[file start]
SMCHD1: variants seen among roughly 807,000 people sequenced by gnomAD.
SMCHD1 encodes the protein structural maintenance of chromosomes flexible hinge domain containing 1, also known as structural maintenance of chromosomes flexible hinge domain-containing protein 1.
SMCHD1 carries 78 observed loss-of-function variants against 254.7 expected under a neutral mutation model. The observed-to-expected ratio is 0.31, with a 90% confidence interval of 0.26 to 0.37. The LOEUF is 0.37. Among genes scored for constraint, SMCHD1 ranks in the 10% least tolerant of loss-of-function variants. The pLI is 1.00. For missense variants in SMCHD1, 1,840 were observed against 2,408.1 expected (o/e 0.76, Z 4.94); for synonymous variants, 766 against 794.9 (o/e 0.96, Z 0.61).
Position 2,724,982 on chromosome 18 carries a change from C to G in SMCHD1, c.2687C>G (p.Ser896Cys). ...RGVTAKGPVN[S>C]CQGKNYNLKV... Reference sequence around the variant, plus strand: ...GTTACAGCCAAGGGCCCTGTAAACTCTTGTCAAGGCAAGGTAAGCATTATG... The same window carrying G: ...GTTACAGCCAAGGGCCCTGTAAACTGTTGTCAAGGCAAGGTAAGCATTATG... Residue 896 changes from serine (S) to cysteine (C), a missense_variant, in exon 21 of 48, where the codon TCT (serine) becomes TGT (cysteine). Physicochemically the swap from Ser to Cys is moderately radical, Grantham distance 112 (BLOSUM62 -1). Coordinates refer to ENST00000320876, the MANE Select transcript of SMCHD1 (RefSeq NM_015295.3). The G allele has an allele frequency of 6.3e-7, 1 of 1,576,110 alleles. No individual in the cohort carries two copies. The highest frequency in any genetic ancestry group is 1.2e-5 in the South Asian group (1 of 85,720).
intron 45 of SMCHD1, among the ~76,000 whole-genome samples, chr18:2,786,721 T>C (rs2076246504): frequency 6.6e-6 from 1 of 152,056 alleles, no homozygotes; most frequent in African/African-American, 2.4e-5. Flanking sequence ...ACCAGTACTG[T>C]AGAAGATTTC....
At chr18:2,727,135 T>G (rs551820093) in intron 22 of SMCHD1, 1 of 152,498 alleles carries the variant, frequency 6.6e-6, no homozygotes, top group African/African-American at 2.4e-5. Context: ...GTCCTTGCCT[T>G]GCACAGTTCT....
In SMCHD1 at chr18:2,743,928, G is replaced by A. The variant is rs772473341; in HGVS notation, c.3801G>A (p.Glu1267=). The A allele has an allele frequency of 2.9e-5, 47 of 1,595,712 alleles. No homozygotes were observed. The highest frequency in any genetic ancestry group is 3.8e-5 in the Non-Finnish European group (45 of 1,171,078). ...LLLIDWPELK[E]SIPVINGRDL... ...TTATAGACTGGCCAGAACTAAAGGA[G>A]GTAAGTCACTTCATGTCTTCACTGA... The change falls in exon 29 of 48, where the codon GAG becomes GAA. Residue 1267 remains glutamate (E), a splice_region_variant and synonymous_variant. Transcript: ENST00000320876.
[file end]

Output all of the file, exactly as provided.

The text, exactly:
SMCHD1: variants seen among roughly 807,000 people sequenced by gnomAD.
SMCHD1 encodes the protein structural maintenance of chromosomes flexible hinge domain containing 1, also known as structural maintenance of chromosomes flexible hinge domain-containing protein 1.
SMCHD1 carries 78 observed loss-of-function variants against 254.7 expected under a neutral mutation model. The observed-to-expected ratio is 0.31, with a 90% confidence interval of 0.26 to 0.37. The LOEUF is 0.37. Among genes scored for constraint, SMCHD1 ranks in the 10% least tolerant of loss-of-function variants. The pLI is 1.00. For missense variants in SMCHD1, 1,840 were observed against 2,408.1 expected (o/e 0.76, Z 4.94); for synonymous variants, 766 against 794.9 (o/e 0.96, Z 0.61).
Position 2,724,982 on chromosome 18 carries a change from C to G in SMCHD1, c.2687C>G (p.Ser896Cys). ...RGVTAKGPVN[S>C]CQGKNYNLKV... Reference sequence around the variant, plus strand: ...GTTACAGCCAAGGGCCCTGTAAACTCTTGTCAAGGCAAGGTAAGCATTATG... The same window carrying G: ...GTTACAGCCAAGGGCCCTGTAAACTGTTGTCAAGGCAAGGTAAGCATTATG... Residue 896 changes from serine (S) to cysteine (C), a missense_variant, in exon 21 of 48, where the codon TCT (serine) becomes TGT (cysteine). Physicochemically the swap from Ser to Cys is moderately radical, Grantham distance 112 (BLOSUM62 -1). Coordinates refer to ENST00000320876, the MANE Select transcript of SMCHD1 (RefSeq NM_015295.3). The G allele has an allele frequency of 6.3e-7, 1 of 1,576,110 alleles. No individual in the cohort carries two copies. The highest frequency in any genetic ancestry group is 1.2e-5 in the South Asian group (1 of 85,720).
intron 45 of SMCHD1, among the ~76,000 whole-genome samples, chr18:2,786,721 T>C (rs2076246504): frequency 6.6e-6 from 1 of 152,056 alleles, no homozygotes; most frequent in African/African-American, 2.4e-5. Flanking sequence ...ACCAGTACTG[T>C]AGAAGATTTC....
At chr18:2,727,135 T>G (rs551820093) in intron 22 of SMCHD1, 1 of 152,498 alleles carries the variant, frequency 6.6e-6, no homozygotes, top group African/African-American at 2.4e-5. Context: ...GTCCTTGCCT[T>G]GCACAGTTCT....
In SMCHD1 at chr18:2,743,928, G is replaced by A. The variant is rs772473341; in HGVS notation, c.3801G>A (p.Glu1267=). The A allele has an allele frequency of 2.9e-5, 47 of 1,595,712 alleles. No homozygotes were observed. The highest frequency in any genetic ancestry group is 3.8e-5 in the Non-Finnish European group (45 of 1,171,078). ...LLLIDWPELK[E]SIPVINGRDL... ...TTATAGACTGGCCAGAACTAAAGGA[G>A]GTAAGTCACTTCATGTCTTCACTGA... The change falls in exon 29 of 48, where the codon GAG becomes GAA. Residue 1267 remains glutamate (E), a splice_region_variant and synonymous_variant. Transcript: ENST00000320876.